Gardening in the shade can be challenging, but that doesn't mean the gardener shouldn't try it. Many perennials thrive in lower light levels and you'd be missing out on textures and colors that would only scorch in all-day sun. The first step in deciding which shade plant would thrive, and be easy to care for, is to determine the amount of shade there. This is done by observing the area during the course of a sunny day and seeing where and when the sun hits, if at all.
So many different hostas are available, it is hard to choose, but choose you should, because there is nothing like their hardiness and variety of leaf color and texture. Hostas range in size from the very tiny (a variety called "Pandora's Box" at 3 feet tall) to humongous ("Mr. Big," at 72 inches wide).
Foliage color ranges from solid green to variegated (green and white), to yellow and to ice blue. Some have smooth foliage and others are slightly puckered. They flower in tall spikes, which come in white, lavender or purple, in varying degrees of desirability. Tracy DiSabato-Aust in her book "The Well-Tended Perennial Garden" (Timber Press; 1998) recommends well-drained soil that holds some moisture as well as the addition of organic matter, but that hostas can acclimate to other conditions.
Light exposure ranges from partial shade to full shade. It grows best in USDA Hardiness Zones 3-8. (For a map of US Hardiness Zones, see Resources.)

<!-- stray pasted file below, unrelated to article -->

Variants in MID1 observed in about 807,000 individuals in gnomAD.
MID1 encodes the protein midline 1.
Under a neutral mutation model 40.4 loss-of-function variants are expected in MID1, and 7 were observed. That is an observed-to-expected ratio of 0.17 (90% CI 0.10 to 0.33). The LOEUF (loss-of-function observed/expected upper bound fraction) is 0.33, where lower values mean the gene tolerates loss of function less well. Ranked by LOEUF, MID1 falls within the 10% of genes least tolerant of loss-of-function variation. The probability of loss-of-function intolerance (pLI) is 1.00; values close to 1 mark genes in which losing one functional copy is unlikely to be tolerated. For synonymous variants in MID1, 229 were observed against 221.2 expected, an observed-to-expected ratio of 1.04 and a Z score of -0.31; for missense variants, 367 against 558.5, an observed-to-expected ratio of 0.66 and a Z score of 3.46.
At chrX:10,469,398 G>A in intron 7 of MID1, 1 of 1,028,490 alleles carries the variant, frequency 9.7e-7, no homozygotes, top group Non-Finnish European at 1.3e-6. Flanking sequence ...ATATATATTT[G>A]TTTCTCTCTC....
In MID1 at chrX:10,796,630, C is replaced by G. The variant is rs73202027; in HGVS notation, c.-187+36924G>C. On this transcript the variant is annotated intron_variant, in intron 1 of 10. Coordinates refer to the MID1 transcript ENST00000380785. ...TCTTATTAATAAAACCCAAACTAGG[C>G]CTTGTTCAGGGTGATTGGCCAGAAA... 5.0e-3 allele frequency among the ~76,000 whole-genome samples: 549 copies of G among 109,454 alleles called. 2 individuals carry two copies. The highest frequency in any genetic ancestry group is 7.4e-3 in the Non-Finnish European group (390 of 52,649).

Bowman's Root goes by Gillenia or Porteranthus. You might think a plant with two botanical names would be more well-known, but it is rarely found in gardens. That's a shame, because this perennial is one of the hardiest for partial shade to a full shade situation. With the first heat of spring, Gillenia takes off, growing almost 3 feet tall and almost as wide in no time, creating the solid presence of a shrub in the garden. The white flowers are delicate and airy.
The plant flowers for a long time and the foliage stays beautiful until frost. It is a long-lived plant as well. Although it is not that widely available, this may be changing. Sunny Border Nurseries, a wholesale nursery in Connecticut, carries a cultivar of this plant called Gillenia (or Porteranthus) trifoliata 'Pink Profusion.' It grows in USDA zones 4-8.
Brunnera or Siberian bugloss has forget-me-not flowers in spring. It does best when planted in partial shade to full shade, as sun scorches the leaves, especially the variegated varieties. DiSabato-Aust recommends moist soil with organic matter mixed in and to cut back hard if leaves start to look unsightly, with the reassurance new growth will come in nicely. Plants grow to about 18 inches tall. The original variety is green, and in addition to variegated varieties, there are many new cultivars, some silver like Brunnera m. 'Jack Frost.' USDA Zone: 3-7.
Digitalis grandiflora or yellow foxglove, unlike its showy biennial relatives, is long-lived and reliable. The plant grows in a variety of light conditions, from sun to dense shade, although plant will be shorter in dense shade and won't flower as profusely. The plant doesn't seem to be picky about soil type, but doesn't like to dry out. It grows about 30 inches tall and has pale yellow "gloves." It blooms mid-summer, and grows in USDA zones 4-9.